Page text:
- Oil Down for 3rd Week, OPEC Meets in Kuwait
- Markets eyeing the Trump healthcare magic
- European shares extend weekly decline
European stocks gave up some of Thursday’s gains before a U.S. health-care vote dominating market sentiment. Oil rose for the first time this week as OPEC members prepared to meet for a review of production cuts.
Many investors view the health-care bill as a barometer of the Trump administration’s ability to implement its wider policy agenda.
Reflation trades sparked by Trump’s election have faltered in March as the administration remains far from delivering on pro-growth policies that boosted stocks and the dollar. The White House wrangled with House Republicans throughout Thursday to secure enough votes to pass the first major piece of legislation under the 45th president, seen as a key test of his ability to push through promised tax cuts and infrastructure spending.
Governments bonds and the dollar stalled, while futures pointed to a 0.2% opening rise for the S&P 500. Markets in Asia mostly advanced, but European stocks edged lower, tracking Thursday’s modest pullback on Wall Street.
Investors Need to Wake Up to Europe’s Surprising Good Health:
Eurozone economy continues to gain pace. PMI surprised to the upside, jumps to 56.7, consistent w/ GDP growth of 3%.
It is the highest reading since April of 2011 as export orders jumped and payrolls were the highest in nearly six years. In contrast, output growth eased slightly and price pressures intensified. A weakened euro was widely reported to have exacerbated the impact of increased global prices for many commodities, notably oil and energy as well as food and metals.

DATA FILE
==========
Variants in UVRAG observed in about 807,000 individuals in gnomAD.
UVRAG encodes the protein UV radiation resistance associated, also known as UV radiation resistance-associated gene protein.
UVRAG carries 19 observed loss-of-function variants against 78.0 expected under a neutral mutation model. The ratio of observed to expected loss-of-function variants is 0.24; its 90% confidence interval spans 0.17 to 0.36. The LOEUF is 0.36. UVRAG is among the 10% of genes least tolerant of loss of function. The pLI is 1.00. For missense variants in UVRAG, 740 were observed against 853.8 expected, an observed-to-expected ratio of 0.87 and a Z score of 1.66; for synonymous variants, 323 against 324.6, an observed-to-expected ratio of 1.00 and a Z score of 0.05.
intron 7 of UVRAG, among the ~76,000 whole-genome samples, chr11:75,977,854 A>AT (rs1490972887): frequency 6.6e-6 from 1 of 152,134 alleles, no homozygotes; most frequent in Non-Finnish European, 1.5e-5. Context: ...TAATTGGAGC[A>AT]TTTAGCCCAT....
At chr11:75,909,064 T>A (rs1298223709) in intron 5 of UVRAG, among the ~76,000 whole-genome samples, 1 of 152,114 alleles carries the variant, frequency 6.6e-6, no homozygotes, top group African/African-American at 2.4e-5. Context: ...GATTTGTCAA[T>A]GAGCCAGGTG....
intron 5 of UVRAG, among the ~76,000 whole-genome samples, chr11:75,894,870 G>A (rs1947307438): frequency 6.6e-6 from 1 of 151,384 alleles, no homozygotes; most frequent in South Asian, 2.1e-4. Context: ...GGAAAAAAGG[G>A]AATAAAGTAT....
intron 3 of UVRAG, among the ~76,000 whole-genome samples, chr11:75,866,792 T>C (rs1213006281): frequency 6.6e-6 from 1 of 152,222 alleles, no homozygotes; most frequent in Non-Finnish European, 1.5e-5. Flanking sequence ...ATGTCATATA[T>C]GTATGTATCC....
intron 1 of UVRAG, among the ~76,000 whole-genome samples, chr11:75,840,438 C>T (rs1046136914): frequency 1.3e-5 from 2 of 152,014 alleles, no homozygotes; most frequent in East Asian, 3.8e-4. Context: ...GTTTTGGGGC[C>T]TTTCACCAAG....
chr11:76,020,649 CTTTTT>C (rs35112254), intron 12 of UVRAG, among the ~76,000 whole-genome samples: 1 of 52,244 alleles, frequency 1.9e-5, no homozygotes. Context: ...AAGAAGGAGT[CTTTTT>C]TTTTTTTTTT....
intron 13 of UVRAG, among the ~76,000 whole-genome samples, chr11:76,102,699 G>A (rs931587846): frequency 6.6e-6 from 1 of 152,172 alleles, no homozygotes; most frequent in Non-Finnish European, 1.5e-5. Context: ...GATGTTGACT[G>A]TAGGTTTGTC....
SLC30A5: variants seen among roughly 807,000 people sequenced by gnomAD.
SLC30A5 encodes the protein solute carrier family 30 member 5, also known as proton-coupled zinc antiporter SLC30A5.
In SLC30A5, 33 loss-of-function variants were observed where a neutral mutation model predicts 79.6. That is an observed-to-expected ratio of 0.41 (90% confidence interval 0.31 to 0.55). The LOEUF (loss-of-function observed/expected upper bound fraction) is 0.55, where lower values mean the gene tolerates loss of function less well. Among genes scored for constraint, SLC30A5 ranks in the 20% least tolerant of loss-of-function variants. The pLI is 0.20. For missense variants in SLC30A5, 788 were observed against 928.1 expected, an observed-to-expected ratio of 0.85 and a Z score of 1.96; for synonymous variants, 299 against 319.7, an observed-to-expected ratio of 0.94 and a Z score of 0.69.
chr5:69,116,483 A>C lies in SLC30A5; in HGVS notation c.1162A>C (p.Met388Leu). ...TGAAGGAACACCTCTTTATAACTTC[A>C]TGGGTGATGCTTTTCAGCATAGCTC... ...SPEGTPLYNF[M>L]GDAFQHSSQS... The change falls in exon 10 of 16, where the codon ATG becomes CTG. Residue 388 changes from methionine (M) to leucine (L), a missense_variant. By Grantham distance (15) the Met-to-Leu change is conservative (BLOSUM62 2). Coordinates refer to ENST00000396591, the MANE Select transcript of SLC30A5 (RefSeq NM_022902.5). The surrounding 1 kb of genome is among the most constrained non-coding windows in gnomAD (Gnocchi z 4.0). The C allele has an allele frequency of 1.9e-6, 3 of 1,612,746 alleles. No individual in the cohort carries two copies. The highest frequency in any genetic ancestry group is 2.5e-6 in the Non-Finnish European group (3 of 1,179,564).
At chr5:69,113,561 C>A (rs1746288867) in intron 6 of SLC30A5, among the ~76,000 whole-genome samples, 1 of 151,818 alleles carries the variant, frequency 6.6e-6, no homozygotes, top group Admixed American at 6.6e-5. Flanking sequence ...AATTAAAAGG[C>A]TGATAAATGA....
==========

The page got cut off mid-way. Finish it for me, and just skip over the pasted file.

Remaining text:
In Europe, the Stoxx 600 is down 0.3 per cent as financials struggle.
- Earlier in Asia, Japan’s Topix, which had lost 2.1 per cent on Wednesday and stalled on Thursday, recovered 0.9 per cent.
- Banks led Australia’s S&P/ASX 200 index to close 0.8 per cent higher as a number of lenders announced increases in certain mortgage rates in response to higher funding costs.
- Hong Kong’s Hang Seng rose 0.1 per cent while China’s Shanghai Composite added 0.6 per cent to close at its best level of the year as gains for infrastructure stocks outweighed concerns about tightening liquidity in the financial system.
- The dollar is mixed after its recent sell-off. The Dollar index (DXY) fell on Wednesday to a six-week low of 99.55 amid heightened concerns about the Trump agenda, and is less than 0.1 per cent softer at 99.70 in the current session.
- The euro is gaining 0.2 per cent to $1.0798 after surveys showed businesses across the eurozone at their most chipper in six years.
- The British pound, which had been boosted this week by stronger than expected inflation and retail sales data, is seeing some profit-taking and slipping 0.3 per cent to $1.2485.
- Hopes that the Trump agenda will not be derailed and will help boost the US economy are discouraging buyers of US government debt.
- The 10-year US Treasury yield, which moves opposite to the bond price, is up one basis point to 2.42 per cent and
- the more monetary policy sensitive 2-year yield is adding 2bp to 1.26 per cent.
- European paper is a bit firmer, with German benchmark Bund yields easing 1bp to 0.42 per cent and UK gilts down 2bp to 1.21 per cent.
- Gold, which has performed strongly in the first part of this week as the US dollar sold off, is flat at $1,245 a troy ounce.
- Oil prices are striving to rally from a slump that on Wednesday saw Brent crude hit a near four-month low of $49.71 a barrel amid worries that increasing US production was countering Opec output cuts. Brent, the international benchmark, is adding 0.4 per cent to $50.77 a barrel and West Texas Intermediate, the main US contract, is up 0.6 per cent to $47.97.